Journal of Miyara Kyosuke (3)

    The rats had some sort of unholy drive to kill us.  There were thousands of them, an unending stream so that no matter how many we killed there was no end in sight.  Miyara of course immediately took charge, and led the barbarians on while I held the rear against the rats.  The Giant leapt into the stream of effluent and used his torch to try to keep them back, but was of limited use.  We retreated covering the others, still following the direction of the trail of blood.
    Where the sewer passage opened up, the flow of waste went off in another direction.  In this more open area was a mining railway with a cart.  The rails led down into a small tunnel.  Miyara led the barbarians into the cart, and one of them smashed the brake mechanism.  The Giant and I grabbed onto the back of the cart as it hurtled down into the tunnel.  We left the rats behind at the top -- I wondered what evil lay down here that not even rats would follow?
    After a short trip at ever increasing speed, it was apparent the end of the rail was upon us.  I leapt from the cart, landing ready to fight, but there was no need.  The room was empty.  Fortunately all within the cart survived the crash without much injury, even the Elf who had been severely injured by the rats.
    There were sounds coming from a tunnel leading down from this room, but nothing demanded our immediate attention.  Instead, the original contents of the cart were of importance.  Aside from Miyara, of course, the others had not noticed that there was a body already in the cart.  It was immediately apparent that this was the assassin, as he was still clutching the severed head of the gang leader.  The killer had died from rat bites -- clearly unskilled in his trade.  A true assassin would have never allowed such an eventuality to go unplanned.  The incompetence of these barbarians continues to amaze me.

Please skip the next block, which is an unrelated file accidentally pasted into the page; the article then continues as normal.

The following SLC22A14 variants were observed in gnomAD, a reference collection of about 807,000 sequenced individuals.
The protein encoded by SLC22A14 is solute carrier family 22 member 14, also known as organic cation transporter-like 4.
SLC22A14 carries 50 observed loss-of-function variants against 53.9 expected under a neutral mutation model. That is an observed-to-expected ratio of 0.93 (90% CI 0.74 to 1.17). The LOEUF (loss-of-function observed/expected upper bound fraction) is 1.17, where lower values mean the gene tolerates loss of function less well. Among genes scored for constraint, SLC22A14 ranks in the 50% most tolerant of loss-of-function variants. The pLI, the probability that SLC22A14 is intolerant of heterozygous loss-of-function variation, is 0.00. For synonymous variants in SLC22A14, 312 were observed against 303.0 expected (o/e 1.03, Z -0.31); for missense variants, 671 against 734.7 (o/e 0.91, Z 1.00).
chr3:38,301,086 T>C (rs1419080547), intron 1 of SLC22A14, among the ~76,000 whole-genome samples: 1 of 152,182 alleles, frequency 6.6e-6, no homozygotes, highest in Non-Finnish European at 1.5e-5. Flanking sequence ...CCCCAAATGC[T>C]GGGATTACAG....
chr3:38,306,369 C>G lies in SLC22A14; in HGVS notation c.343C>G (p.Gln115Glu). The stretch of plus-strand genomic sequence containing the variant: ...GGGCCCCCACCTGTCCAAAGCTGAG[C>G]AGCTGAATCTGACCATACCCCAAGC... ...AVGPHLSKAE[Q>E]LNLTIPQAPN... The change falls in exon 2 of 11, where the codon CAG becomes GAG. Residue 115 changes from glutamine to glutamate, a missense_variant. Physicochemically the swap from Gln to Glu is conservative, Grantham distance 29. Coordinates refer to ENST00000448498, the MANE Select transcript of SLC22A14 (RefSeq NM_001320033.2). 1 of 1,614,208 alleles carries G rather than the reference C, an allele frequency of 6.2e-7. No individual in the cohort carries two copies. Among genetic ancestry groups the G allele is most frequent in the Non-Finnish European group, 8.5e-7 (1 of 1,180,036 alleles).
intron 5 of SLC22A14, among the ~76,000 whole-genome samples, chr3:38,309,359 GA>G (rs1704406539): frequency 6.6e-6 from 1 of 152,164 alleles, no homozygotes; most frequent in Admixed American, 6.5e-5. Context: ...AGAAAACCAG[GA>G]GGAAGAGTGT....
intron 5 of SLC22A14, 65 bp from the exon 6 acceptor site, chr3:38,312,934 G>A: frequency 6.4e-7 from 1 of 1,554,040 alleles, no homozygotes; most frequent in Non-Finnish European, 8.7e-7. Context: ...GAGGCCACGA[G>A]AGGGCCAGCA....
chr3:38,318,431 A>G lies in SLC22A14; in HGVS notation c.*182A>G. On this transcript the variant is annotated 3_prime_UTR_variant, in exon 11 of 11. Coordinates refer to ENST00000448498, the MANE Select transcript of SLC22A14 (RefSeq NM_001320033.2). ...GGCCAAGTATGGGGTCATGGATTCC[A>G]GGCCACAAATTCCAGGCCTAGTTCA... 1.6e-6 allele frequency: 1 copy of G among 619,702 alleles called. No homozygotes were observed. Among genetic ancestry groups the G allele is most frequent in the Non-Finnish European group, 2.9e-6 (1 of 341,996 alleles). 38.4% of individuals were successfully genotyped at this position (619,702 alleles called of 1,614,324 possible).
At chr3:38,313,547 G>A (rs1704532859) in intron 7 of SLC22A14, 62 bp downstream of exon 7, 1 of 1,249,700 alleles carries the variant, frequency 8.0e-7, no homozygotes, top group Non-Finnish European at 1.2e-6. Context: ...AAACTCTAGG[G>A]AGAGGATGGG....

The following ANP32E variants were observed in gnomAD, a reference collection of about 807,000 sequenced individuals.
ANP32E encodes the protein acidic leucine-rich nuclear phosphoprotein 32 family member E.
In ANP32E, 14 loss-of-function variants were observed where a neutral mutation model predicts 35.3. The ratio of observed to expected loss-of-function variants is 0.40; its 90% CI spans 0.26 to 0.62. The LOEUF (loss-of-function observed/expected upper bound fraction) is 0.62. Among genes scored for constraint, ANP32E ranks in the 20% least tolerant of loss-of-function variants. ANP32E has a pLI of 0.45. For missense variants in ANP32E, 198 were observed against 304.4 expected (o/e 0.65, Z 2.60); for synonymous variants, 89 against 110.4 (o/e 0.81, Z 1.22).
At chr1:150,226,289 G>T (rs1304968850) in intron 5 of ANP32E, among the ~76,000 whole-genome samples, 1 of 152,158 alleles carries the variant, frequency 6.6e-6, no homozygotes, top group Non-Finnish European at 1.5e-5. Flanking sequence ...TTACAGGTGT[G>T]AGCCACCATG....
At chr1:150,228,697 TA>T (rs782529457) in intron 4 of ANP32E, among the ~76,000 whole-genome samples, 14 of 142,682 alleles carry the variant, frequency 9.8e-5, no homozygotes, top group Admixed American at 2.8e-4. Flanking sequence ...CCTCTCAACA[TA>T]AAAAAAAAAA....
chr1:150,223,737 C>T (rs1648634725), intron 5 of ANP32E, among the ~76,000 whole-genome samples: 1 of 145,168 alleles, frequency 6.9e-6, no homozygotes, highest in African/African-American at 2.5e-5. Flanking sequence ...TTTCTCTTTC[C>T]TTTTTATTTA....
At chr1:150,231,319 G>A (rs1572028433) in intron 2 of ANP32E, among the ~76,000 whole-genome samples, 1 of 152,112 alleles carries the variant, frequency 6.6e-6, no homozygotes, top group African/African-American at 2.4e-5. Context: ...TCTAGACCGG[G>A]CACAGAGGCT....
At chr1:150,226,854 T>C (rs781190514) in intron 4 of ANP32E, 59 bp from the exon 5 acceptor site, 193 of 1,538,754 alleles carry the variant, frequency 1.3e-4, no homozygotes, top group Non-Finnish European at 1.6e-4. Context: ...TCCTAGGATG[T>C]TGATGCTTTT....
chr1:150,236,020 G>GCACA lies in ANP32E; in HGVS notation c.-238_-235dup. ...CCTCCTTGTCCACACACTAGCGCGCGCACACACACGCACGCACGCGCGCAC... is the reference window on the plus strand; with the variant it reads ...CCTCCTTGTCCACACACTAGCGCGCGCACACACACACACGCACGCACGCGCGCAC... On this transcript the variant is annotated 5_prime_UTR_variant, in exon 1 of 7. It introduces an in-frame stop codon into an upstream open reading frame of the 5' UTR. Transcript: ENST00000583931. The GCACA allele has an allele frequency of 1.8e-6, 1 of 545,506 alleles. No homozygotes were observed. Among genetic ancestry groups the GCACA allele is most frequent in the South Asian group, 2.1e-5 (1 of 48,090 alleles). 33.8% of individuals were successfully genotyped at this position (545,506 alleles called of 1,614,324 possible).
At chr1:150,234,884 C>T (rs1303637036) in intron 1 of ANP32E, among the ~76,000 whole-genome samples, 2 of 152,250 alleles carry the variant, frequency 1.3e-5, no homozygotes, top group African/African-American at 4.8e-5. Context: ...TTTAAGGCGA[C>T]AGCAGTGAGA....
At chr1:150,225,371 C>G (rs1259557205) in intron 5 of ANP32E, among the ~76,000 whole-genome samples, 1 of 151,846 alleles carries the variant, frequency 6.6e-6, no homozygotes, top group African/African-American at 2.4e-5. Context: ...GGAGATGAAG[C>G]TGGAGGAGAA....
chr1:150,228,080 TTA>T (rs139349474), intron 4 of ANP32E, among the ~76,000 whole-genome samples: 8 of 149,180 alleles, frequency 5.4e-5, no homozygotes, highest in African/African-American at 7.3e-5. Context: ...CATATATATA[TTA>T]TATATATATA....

The Elf looted the assassin's body.  He found something, obviously, because the others were clamoring at him to deliver his loot.  Eventually after much prodding he handed over a stone, such as might have been set in a ring.  By their reactions, this was clearly the item the Tall Man had been sent to collect.  He placed it securely in his box, as if scared of it.  The barbarians are a superstitious lot, given to unreasonable fear of things they don't understand.

    We had achieved our goal, and Miyara now directed us to explore further in order to leave that way.  I checked down the tunnel, and saw that in the larger cave beyond some gang members were building barricades against some unseen threat.  Surely it was not against us -- we would so easily pass over the barricade and kill them as they were trapped by their own defenses -- so there must be some threat further down.